June 13, 2012 - No Comments!


Anyone who knows me will be aware of my opinions on speculative work. It’s a strange practice that seems to be accepted in our industry for some even stranger reason. I’m personally in an odd position, because although I don’t take part in pitches when approached by private clients (I prefer to politely refuse and give my reasons for doing so), it’s not uncommon for me to work on them as part of my coommissioned work. In those situations my reasoning behind it is that I’m being paid to do the work, so if the hiring agency chooses to free pitch, then that’s entirely their decision. Some agencies have built themselves up from nothing using the free pitching model so it’s not my place to chastise them, but personally, it’s not for me. It's not as if I can look down from a position of smug superiority as there have been times in the past where the lure of a great client has been too much to ignore and I’ve dumped my principles at the side of the road and jumped in with both feet. A failing I’ve addressed in recent times.

However, pitches aside, the thing that’s been concerning me more and more lately, is the increase in people not only asking for free work, but trying to convince us that they’re actually doing us a favour. Seriously, I get at least half a dozen emails a week from companies asking me to spend time and effort on the basis that it will be a great opportunity for me to bolster my folio. Really? Sorry but if I want to bolster my portfolio, I’ll do some personal work. It’ll be completely driven by me with no input from anyone and will be my vision – not theirs.

Then follows the promise of exposure. Why didn’t I think of it before? I’ll do some free work for a small startup company, then more small startup companies will see it. They’ll then ask for the same thing and at some point it'll all pay off because eventually, somewhere down the line, one of them might actually pay me half what the original fee was worth. It's foolproof.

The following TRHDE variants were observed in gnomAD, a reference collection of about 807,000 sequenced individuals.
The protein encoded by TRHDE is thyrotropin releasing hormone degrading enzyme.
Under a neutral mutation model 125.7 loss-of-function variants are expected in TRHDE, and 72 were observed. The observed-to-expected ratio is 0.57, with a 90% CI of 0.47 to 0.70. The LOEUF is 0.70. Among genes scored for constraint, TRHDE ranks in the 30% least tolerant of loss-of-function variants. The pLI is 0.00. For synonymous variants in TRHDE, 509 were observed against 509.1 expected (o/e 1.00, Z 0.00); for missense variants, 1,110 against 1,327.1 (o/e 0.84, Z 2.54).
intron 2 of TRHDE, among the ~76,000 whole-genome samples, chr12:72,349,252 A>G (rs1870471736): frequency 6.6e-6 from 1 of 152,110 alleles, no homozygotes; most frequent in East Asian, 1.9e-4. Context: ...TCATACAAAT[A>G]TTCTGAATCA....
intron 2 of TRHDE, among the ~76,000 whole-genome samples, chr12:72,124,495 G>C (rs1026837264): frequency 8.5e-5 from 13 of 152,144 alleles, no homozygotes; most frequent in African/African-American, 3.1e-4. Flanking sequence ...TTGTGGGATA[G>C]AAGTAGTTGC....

Anyway, how many companies have you seen telling anyone who'll listen that you did the work for them? If you want exposure, ahem… expose yourself.

During one masochistic moment a few years back, I saw the 'opportunity' to design a new, exciting magazine on a creative community site. I emailed them to ask for more details and find out what budget was attached so I could make an informed decision on whether to apply or not. The reply I got back was that there would be no financial rewards but it was an “exciting opportunity to see your creative work in print”. They wanted concepts, research, art direction, layouts, style sheets, production and artwork for free, but wait, I'd get to see it when it came back from the printers! Hold on, isn’t seeing my work in print just the end product of me doing my job? Well, sometimes it’s screen based but you get the gist. It’s not a perk, it’s part of the process.

Out of respect for the site that hosted the project I won’t mention any names, there needs to be greater care in what is allowed to be placed under the banner of an opportunity.

The sooner creatives realise that doing these projects just proliferates the notion that spec work is acceptable, the better. Between spec work and crowdsourcing (don’t get me started on that), we’re digging our own graves. Time to throw away the shovels.

Published by: stevenbonner in Articles

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